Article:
Back to my house we ran, where we stayed in the driveway and mulled over the events of the day. I did, anyway — Xena sat with her back pressed up against the garage door and scrolled through the pictures she’d taken on the hike. I didn’t know how she could be so calm.
I skated restlessly back and forth while Xena flicked idly through her photos. I ranted the whole time. “I don’t understand what happened. How could Claire just disappear like that? She didn’t fall behind, and I don’t think she passed us — did she? Do you think we should call the police, since Mom and Mrs. Fairfax aren’t helping?”
Xena nodded. “That sounds like a good plan,” she agreed.
But I don’t think she was actually listening. She was too busy scrutinizing her pictures to be paying attention.
“Xena!” I groaned. “Please listen. Claire’s missing. Now is not the time to look at your pics!”
She glanced up briefly, her jaw tight, before returning to her camera without a word.
Silently, I skated back and forth for several more minutes. Then a horrible idea came into my mind. I couldn’t shake it.
Do you really think . . .?
No — Claire’s been around forever! It’s not possible. Her parents are wrong. Your parents are wrong.
I pondered the awful thought until I just had to share it with Xena.
With my skateboard under my arm, I crossed the driveway and leaned against the wall beside Xena. I took a deep breath and toyed with my braids. “Xe . . .?” I started.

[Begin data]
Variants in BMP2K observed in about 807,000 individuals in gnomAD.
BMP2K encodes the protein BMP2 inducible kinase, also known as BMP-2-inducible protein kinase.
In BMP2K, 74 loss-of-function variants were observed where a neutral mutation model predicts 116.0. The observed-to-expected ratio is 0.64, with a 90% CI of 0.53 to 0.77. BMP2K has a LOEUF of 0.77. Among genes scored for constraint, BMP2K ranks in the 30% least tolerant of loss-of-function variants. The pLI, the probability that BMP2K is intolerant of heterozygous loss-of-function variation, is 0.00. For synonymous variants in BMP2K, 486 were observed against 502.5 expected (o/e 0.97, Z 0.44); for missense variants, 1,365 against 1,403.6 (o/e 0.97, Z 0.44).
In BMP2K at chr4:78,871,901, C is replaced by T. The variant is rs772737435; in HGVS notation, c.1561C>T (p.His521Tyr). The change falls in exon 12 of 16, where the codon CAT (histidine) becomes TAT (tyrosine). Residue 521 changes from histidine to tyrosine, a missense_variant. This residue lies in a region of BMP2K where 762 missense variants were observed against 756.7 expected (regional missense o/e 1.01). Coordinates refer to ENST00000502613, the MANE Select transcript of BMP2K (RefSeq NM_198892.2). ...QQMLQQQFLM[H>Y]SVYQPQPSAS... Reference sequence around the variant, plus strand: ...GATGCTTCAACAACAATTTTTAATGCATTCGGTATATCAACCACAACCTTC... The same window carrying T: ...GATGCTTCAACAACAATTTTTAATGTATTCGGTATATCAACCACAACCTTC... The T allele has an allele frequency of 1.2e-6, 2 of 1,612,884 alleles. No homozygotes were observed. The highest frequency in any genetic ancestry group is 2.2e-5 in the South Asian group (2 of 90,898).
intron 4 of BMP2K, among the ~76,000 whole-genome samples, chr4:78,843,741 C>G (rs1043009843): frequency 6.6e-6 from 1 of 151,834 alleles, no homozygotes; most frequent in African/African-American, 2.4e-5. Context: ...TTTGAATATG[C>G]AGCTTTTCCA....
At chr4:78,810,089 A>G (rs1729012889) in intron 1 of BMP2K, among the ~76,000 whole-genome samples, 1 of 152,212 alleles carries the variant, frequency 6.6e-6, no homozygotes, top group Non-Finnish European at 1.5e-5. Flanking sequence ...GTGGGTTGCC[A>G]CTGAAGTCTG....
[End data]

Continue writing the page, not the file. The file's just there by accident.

“Yes?” She didn’t bother looking up from her camera.
“You know how my mom said she didn’t know who Claire was? And neither did the Fairfaxes? What if –” I could hardly get the words out. It was far too outlandish to be real. “What if, um, Claire wasn’t real?” I spit out the rest of the words in a rush. “Like if she was a ghost or something. Or we’re dreaming, or going crazy.”
“She’s real, Steph,” Xena stated matter-of-factly. “One: ghosts aren’t real. Two: if we’re dreaming, we’re both having the same dream. Three: most crazy people don’t know they’re crazy. Therefore, if you think you’re going crazy, it’s unlikely that you are actually going crazy.”
I breathed a sigh of relief. Xena had a point.
I was about to continue skateboarding when she exclaimed, “Hey, look at this!” She tilted her camera so I could see the tiny screen. On it was a blurry picture:
Part of me appeared in the left side of the photo. The rest was tawny pine needles. However, near the top of the right side was a dark hole in the ground. In the hole was a fuzzy object. I gasped when I recognized it.
Claire’s compass necklace.
Claire Fairfax never went anywhere without her necklace. On the day that she was born, when she was in the hospital, someone had left it as an anonymous gift. Her parents had found Claire in her bassinet, like a tiny, shriveled-up chicken in a roaster, with the compass necklace inside her little fist. Someone — a nurse, perhaps? — had given the necklace to the baby and left. The weird thing was that it didn’t even point north.
“I don’t remember taking this picture,” Xena told me. “I think I must have accidentally hit the button when I was freaking out over Claire’s disappearance. We should go get the necklace, right?” She blinked back tears as she explained, “So . . . so she’ll have it when she comes back.”
I nodded. “Plus, it might be a clue!” Not a very good clue, maybe, but the only one we had.